Social Media Distracts Sports Viewers

By USDR.

The use of smart phones and tablets is so prolific that it has become the norm to make use of these devices under almost any circumstances. According to studies, a smart phone is purchased almost every second of every day internationally and the mobile market continues to grow rapidly in both developed and developing countries.

One of the most interesting aspects of mobile device use has become the way people multitask whilst participating in other activities, particularly when watching sport. If you weigh up the number of Tweets or Facebook posts during any one sporting event you will see that the majority of live spectators posted at least one message pertaining to the game on social media. In addition, when internet usage was monitored during a recent NBA game it clearly showed how many people were utilising chat applications, browsing the internet or even enjoying another form of sporting entertainment such as gaming at a site like Lucky Nugget.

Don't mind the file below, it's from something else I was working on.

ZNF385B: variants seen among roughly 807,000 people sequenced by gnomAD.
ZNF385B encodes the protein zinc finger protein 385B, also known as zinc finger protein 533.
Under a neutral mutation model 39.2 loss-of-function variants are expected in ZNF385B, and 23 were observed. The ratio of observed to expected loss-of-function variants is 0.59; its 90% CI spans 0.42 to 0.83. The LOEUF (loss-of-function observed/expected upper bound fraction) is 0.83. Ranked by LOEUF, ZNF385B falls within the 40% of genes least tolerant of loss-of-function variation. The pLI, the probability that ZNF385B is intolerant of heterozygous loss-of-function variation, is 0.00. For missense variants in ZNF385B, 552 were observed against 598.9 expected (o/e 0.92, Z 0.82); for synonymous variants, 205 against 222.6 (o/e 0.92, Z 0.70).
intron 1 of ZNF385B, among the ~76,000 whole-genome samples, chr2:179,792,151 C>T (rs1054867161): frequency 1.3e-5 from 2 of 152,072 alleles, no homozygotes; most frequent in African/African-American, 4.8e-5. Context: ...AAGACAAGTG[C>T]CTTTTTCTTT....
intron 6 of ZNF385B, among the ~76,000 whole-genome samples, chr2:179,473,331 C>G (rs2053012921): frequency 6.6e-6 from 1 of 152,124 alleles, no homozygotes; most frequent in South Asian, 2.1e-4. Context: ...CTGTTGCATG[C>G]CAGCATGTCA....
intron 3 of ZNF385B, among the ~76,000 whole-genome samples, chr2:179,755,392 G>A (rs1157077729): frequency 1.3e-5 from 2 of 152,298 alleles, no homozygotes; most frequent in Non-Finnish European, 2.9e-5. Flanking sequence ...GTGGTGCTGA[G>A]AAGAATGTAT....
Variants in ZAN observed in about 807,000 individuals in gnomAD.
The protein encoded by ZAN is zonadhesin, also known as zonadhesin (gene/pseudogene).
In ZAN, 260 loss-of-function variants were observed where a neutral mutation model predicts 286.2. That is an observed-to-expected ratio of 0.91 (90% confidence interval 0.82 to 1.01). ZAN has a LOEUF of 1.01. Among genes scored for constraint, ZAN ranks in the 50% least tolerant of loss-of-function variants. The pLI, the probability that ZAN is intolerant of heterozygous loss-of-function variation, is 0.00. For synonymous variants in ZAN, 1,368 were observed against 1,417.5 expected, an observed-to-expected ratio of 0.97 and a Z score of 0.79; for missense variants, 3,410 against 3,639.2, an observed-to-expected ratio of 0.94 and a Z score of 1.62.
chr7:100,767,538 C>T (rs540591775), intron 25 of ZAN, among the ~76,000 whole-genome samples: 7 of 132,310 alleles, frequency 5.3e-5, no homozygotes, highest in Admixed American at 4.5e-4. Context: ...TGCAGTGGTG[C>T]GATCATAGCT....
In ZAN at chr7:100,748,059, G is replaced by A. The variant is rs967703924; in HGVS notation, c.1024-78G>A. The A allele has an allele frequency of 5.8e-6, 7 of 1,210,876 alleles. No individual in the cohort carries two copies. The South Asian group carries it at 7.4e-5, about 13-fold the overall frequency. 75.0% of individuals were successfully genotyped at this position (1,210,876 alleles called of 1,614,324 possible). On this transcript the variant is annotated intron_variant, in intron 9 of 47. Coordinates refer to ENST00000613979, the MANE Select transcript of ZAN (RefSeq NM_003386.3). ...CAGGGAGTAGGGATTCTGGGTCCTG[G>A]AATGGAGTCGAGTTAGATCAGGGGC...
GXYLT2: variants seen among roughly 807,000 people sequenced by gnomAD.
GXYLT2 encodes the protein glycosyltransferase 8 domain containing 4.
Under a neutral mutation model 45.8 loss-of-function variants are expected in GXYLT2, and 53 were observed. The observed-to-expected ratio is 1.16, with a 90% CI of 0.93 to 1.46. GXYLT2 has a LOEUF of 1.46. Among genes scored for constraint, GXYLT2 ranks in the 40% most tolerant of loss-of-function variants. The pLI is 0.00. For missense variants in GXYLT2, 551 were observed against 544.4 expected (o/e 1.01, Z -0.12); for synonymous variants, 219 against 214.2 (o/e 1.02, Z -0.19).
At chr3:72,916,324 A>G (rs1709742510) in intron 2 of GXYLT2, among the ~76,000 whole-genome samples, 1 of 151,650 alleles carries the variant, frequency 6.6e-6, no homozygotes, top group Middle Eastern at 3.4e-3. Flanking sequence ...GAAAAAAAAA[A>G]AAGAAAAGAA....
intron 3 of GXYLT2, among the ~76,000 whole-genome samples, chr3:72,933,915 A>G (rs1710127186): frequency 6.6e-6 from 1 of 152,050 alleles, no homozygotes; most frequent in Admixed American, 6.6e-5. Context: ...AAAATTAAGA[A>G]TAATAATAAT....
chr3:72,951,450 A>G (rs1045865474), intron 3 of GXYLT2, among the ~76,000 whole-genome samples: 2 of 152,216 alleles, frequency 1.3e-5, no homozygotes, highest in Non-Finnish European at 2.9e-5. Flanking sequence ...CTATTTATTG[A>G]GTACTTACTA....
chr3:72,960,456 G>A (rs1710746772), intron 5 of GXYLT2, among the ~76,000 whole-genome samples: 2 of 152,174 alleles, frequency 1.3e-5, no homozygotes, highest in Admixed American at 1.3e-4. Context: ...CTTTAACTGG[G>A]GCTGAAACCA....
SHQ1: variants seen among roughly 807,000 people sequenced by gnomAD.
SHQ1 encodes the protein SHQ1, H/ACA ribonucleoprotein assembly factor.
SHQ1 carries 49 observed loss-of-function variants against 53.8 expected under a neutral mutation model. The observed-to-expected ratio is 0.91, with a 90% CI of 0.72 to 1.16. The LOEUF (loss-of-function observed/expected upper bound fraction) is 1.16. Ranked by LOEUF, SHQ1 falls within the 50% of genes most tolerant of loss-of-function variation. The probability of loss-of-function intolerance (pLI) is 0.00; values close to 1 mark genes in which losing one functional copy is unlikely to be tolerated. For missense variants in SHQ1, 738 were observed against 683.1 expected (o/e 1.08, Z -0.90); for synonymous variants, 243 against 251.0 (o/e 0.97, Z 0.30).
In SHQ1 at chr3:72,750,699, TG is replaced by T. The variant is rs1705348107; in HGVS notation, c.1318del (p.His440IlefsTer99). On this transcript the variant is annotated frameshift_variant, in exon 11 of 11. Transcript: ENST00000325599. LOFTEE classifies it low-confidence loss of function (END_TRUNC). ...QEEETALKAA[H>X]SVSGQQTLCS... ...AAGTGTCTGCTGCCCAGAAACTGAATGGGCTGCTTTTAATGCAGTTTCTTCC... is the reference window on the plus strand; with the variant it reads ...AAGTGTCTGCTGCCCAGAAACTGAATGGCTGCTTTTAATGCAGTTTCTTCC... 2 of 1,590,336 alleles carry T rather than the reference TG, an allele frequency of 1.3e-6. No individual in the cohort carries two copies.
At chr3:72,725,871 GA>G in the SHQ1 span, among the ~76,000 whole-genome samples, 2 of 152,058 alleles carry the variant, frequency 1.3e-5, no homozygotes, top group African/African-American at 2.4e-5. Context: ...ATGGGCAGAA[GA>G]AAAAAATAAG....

The upward trend in mobile usage has seen people become distracted by continuous access to the internet and the chance for instant gratification. In addition to it being a distraction and hazard for pedestrians and drivers alike, the interference of a mobile in daily activities is taking its toll on concentration levels and attention abilities of adults and children.

The inability to sit through a 90 minute game without sharing information, chatting online or browsing the net can be an indication of an attention deficit issue that may manifest over time. Whilst it is socially acceptable for a mobile user to interact online whilst engaging in other activities it does not bode well for their ability to focus and retain concentration on a singular event. The concept of multi tasking has been encouraged by the smart phone but it can have a detrimental effect on development and maintenance of valuable life skills.

Social media allows for users to be constantly connected to a network of friends and offers unlimited informational opportunities at the touch of a button. These facilities are, of course, a positive attribute but they can be over utilised or detract from an event that requires concentration. Many professional organisations are now banning the use of mobile devices during working hours as they are affecting productivity levels- a clear indication of how multitasking does not mean increased output.

All opinions expressed on USDR are those of the author and not necessarily those of US Daily Review.

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